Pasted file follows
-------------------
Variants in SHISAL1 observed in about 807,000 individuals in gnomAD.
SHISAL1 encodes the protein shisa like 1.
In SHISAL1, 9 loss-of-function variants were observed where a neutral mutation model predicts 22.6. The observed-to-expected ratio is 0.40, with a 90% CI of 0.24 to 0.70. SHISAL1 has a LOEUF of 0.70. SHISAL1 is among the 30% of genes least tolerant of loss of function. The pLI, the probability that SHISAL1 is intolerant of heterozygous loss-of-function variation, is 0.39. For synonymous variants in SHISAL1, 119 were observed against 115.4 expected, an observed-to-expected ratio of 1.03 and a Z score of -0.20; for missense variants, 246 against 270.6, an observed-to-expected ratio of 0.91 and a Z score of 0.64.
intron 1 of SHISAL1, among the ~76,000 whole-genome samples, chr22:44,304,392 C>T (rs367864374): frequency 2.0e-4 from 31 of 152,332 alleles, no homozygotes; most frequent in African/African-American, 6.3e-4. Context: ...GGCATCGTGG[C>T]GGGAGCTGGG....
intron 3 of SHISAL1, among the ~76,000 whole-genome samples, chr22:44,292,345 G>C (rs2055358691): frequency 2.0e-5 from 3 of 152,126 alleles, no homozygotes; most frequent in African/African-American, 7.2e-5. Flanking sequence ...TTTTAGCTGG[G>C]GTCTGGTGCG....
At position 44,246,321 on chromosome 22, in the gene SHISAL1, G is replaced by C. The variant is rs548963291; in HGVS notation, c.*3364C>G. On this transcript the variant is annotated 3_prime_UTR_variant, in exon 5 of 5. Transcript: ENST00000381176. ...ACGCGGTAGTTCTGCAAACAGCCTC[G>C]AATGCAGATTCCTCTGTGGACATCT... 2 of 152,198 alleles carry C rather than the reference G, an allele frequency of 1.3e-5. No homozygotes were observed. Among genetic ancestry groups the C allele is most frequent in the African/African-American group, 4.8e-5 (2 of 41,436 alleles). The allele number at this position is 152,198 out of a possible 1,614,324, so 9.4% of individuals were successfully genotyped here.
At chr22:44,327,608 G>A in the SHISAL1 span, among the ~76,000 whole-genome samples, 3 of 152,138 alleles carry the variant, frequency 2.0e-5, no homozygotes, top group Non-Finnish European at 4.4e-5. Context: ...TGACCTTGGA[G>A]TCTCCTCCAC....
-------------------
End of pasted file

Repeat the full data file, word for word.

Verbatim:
Variants in SHISAL1 observed in about 807,000 individuals in gnomAD.
SHISAL1 encodes the protein shisa like 1.
In SHISAL1, 9 loss-of-function variants were observed where a neutral mutation model predicts 22.6. The observed-to-expected ratio is 0.40, with a 90% CI of 0.24 to 0.70. SHISAL1 has a LOEUF of 0.70. SHISAL1 is among the 30% of genes least tolerant of loss of function. The pLI, the probability that SHISAL1 is intolerant of heterozygous loss-of-function variation, is 0.39. For synonymous variants in SHISAL1, 119 were observed against 115.4 expected, an observed-to-expected ratio of 1.03 and a Z score of -0.20; for missense variants, 246 against 270.6, an observed-to-expected ratio of 0.91 and a Z score of 0.64.
intron 1 of SHISAL1, among the ~76,000 whole-genome samples, chr22:44,304,392 C>T (rs367864374): frequency 2.0e-4 from 31 of 152,332 alleles, no homozygotes; most frequent in African/African-American, 6.3e-4. Context: ...GGCATCGTGG[C>T]GGGAGCTGGG....
intron 3 of SHISAL1, among the ~76,000 whole-genome samples, chr22:44,292,345 G>C (rs2055358691): frequency 2.0e-5 from 3 of 152,126 alleles, no homozygotes; most frequent in African/African-American, 7.2e-5. Flanking sequence ...TTTTAGCTGG[G>C]GTCTGGTGCG....
At position 44,246,321 on chromosome 22, in the gene SHISAL1, G is replaced by C. The variant is rs548963291; in HGVS notation, c.*3364C>G. On this transcript the variant is annotated 3_prime_UTR_variant, in exon 5 of 5. Transcript: ENST00000381176. ...ACGCGGTAGTTCTGCAAACAGCCTC[G>C]AATGCAGATTCCTCTGTGGACATCT... 2 of 152,198 alleles carry C rather than the reference G, an allele frequency of 1.3e-5. No homozygotes were observed. Among genetic ancestry groups the C allele is most frequent in the African/African-American group, 4.8e-5 (2 of 41,436 alleles). The allele number at this position is 152,198 out of a possible 1,614,324, so 9.4% of individuals were successfully genotyped here.
At chr22:44,327,608 G>A in the SHISAL1 span, among the ~76,000 whole-genome samples, 3 of 152,138 alleles carry the variant, frequency 2.0e-5, no homozygotes, top group Non-Finnish European at 4.4e-5. Context: ...TGACCTTGGA[G>A]TCTCCTCCAC....